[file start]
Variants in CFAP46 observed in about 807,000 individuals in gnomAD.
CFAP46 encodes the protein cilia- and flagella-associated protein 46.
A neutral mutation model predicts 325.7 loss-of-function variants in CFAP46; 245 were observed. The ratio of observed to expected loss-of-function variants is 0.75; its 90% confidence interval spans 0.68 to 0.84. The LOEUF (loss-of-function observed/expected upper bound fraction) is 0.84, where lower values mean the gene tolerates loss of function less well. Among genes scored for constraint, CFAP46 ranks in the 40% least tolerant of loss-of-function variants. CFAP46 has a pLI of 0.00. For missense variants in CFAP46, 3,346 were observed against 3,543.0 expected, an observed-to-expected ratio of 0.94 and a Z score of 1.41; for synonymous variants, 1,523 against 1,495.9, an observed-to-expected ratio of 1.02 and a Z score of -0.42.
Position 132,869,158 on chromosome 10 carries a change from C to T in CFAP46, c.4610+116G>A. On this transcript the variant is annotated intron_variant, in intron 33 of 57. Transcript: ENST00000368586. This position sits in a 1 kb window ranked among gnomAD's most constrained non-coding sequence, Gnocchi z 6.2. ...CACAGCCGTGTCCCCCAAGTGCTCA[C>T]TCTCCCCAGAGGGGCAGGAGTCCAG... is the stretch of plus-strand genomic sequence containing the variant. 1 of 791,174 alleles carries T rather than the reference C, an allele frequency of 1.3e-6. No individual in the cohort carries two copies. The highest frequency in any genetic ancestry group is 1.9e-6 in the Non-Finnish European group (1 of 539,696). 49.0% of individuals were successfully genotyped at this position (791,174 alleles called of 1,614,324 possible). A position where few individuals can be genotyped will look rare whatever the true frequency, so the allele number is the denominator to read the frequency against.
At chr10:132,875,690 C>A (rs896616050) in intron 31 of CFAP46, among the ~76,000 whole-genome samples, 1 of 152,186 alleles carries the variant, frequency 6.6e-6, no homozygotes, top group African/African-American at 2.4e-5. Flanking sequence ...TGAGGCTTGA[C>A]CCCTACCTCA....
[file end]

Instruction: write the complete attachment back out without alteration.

Variants in CFAP46 observed in about 807,000 individuals in gnomAD.
CFAP46 encodes the protein cilia- and flagella-associated protein 46.
A neutral mutation model predicts 325.7 loss-of-function variants in CFAP46; 245 were observed. The ratio of observed to expected loss-of-function variants is 0.75; its 90% confidence interval spans 0.68 to 0.84. The LOEUF (loss-of-function observed/expected upper bound fraction) is 0.84, where lower values mean the gene tolerates loss of function less well. Among genes scored for constraint, CFAP46 ranks in the 40% least tolerant of loss-of-function variants. CFAP46 has a pLI of 0.00. For missense variants in CFAP46, 3,346 were observed against 3,543.0 expected, an observed-to-expected ratio of 0.94 and a Z score of 1.41; for synonymous variants, 1,523 against 1,495.9, an observed-to-expected ratio of 1.02 and a Z score of -0.42.
Position 132,869,158 on chromosome 10 carries a change from C to T in CFAP46, c.4610+116G>A. On this transcript the variant is annotated intron_variant, in intron 33 of 57. Transcript: ENST00000368586. This position sits in a 1 kb window ranked among gnomAD's most constrained non-coding sequence, Gnocchi z 6.2. ...CACAGCCGTGTCCCCCAAGTGCTCA[C>T]TCTCCCCAGAGGGGCAGGAGTCCAG... is the stretch of plus-strand genomic sequence containing the variant. 1 of 791,174 alleles carries T rather than the reference C, an allele frequency of 1.3e-6. No individual in the cohort carries two copies. The highest frequency in any genetic ancestry group is 1.9e-6 in the Non-Finnish European group (1 of 539,696). 49.0% of individuals were successfully genotyped at this position (791,174 alleles called of 1,614,324 possible). A position where few individuals can be genotyped will look rare whatever the true frequency, so the allele number is the denominator to read the frequency against.
At chr10:132,875,690 C>A (rs896616050) in intron 31 of CFAP46, among the ~76,000 whole-genome samples, 1 of 152,186 alleles carries the variant, frequency 6.6e-6, no homozygotes, top group African/African-American at 2.4e-5. Flanking sequence ...TGAGGCTTGA[C>A]CCCTACCTCA....